By Sherita Goodman, Financial Wellbeing Coach

Residents of Memphis, Tennessee are flocking to HOPE Inside First Tennessee Bank‘s Credit and Money Management Workshops to get the credit assistance that they need to become homeowners, start businesses, and improve their credit scores, free of charge. They understand the significance of having a good credit score, and the setbacks associated with a poor credit rating.

HOPE Inside Financial Coaches, like Sherita Goodman, have a deep understanding of how very specific actions will affect a credit score. There’s no “one size fits all” approach when it comes to rebuilding your credit history. The amount of time it takes to increase your credit score after negative changes depends on the reasons behind the change. With this in mind, Coach Goodman, has shared 5 quick tips from her Credit and Money Workshop to help individuals increase their credit scores.


  1. Know The Difference Between Good Debt And Bad Debt. Contrary to popular belief some debt is actually beneficial for your credit score. Debt that you’ve handled well and paid as agreed, also known as good debt, is good for your credit. The longer your history of good debt is, the better it is for your score.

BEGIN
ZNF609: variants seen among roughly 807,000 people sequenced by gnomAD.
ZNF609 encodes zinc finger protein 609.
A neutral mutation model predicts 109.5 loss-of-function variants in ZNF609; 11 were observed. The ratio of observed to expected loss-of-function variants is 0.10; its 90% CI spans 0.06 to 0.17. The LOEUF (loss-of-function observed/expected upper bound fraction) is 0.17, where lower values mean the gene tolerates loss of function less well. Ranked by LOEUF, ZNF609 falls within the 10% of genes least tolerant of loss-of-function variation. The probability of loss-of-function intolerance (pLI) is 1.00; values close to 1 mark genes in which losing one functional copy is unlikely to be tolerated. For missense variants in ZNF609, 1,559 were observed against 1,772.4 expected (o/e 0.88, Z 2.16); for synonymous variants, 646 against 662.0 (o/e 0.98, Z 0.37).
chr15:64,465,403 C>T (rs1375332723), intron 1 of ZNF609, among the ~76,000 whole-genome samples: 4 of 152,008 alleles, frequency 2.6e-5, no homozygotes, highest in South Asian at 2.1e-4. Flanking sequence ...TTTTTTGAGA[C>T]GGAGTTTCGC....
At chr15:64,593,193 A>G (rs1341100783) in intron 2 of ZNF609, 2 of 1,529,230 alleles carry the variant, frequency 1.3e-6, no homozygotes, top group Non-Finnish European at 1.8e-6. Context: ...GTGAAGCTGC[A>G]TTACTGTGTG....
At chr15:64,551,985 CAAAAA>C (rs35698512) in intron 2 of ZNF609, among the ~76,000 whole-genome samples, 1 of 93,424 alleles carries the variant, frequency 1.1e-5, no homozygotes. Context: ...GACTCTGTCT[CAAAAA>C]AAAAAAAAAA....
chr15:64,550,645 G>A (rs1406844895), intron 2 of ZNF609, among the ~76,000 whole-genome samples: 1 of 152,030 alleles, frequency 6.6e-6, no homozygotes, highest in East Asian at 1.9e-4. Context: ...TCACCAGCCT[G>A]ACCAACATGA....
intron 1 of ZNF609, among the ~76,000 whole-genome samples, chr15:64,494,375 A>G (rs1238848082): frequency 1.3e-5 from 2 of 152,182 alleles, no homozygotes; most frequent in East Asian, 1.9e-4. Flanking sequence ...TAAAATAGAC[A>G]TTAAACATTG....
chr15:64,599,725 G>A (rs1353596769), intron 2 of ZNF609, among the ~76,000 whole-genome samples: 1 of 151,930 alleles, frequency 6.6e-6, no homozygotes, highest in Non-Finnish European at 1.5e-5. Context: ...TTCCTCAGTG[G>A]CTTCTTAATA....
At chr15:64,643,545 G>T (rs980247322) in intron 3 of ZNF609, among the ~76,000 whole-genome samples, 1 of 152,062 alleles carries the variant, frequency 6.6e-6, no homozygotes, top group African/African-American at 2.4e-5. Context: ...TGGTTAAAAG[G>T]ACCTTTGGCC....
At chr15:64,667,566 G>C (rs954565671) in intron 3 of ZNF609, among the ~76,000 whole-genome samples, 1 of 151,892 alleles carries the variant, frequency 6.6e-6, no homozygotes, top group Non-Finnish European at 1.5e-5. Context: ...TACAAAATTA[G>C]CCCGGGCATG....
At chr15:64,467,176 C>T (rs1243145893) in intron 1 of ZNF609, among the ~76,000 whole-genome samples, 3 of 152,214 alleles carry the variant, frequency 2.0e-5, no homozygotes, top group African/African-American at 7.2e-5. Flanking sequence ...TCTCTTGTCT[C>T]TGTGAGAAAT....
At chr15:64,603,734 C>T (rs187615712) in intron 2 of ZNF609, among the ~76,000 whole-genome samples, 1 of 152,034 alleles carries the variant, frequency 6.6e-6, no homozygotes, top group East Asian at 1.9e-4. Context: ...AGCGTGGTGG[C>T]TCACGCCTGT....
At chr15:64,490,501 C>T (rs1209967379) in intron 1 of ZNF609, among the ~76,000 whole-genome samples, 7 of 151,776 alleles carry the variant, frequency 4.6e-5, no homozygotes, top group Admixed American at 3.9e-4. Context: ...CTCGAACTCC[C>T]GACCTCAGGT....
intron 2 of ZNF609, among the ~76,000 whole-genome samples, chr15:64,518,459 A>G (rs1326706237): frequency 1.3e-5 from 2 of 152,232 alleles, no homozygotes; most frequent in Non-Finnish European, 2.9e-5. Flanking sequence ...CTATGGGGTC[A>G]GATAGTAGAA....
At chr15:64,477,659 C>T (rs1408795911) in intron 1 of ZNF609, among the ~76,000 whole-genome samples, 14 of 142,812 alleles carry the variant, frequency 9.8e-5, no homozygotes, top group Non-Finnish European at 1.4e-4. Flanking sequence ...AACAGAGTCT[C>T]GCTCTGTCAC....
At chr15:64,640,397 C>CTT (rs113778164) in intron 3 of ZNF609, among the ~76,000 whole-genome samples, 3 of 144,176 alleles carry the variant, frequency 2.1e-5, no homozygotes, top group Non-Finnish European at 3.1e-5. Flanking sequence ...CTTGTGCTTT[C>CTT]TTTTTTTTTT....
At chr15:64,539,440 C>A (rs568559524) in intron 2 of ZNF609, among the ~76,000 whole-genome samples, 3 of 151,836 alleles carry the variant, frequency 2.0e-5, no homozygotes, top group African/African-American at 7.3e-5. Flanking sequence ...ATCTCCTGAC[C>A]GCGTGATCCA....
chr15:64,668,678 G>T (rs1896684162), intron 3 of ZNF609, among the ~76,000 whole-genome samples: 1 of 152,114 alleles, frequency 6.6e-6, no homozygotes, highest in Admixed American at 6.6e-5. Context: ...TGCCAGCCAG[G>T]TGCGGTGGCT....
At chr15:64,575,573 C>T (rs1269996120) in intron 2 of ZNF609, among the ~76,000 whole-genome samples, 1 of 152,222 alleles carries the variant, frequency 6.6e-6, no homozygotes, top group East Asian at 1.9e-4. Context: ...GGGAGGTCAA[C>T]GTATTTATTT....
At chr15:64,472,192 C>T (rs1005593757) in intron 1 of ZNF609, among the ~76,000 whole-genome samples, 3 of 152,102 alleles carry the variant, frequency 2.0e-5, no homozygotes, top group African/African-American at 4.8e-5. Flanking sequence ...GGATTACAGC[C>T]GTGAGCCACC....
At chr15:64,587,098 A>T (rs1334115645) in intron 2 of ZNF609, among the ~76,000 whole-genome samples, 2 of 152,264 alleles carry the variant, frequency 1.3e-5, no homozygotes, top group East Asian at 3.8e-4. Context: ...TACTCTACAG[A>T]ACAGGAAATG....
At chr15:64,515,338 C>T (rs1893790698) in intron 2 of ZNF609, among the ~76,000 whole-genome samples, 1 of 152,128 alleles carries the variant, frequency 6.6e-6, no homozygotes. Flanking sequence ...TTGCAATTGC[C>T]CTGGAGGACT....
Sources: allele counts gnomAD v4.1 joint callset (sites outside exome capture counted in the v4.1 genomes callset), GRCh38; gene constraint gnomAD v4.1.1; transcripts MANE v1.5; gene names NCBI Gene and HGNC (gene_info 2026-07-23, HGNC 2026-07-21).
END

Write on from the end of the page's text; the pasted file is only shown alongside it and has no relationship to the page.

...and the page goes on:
2. Pay Your Bills On Time. This may seem like common sense for most; however, one of the most important aspects of maintaining a high credit score is simply paying your bills on time. If you’re bad about paying your bills promptly– it will damage your credit score.
  3. Eliminate Credit Card Balances. One of the items your score considers is just how many of your cards have balances. A good way to boost your credit score is to eliminate these balances.
  4. Monitor Your Credit Card Balances. One major factor in your credit score is how much revolving credit you have versus how much you’re actually using. The smaller that percentage is, the better it is for your credit rating. The ideal amount is 30% or lower. To increase your score pay down your balances, and keep your balances low.
  5. Use Your Calendar. If you’re shopping for a home, car or student loan, it pays to do your rate shopping within a short time period. When you apply for credit, it can slightly decrease your credit score, lasting a year. With mortgage, auto and student loans, scoring formulas allow for the fact that you’ll make multiple applications but take out only one loan. The FICO score rating system ignores any such inquiries made 30 days prior to scoring. If it finds some that are older than 30 days, it will count those made within a typical shopping period as just one inquiry.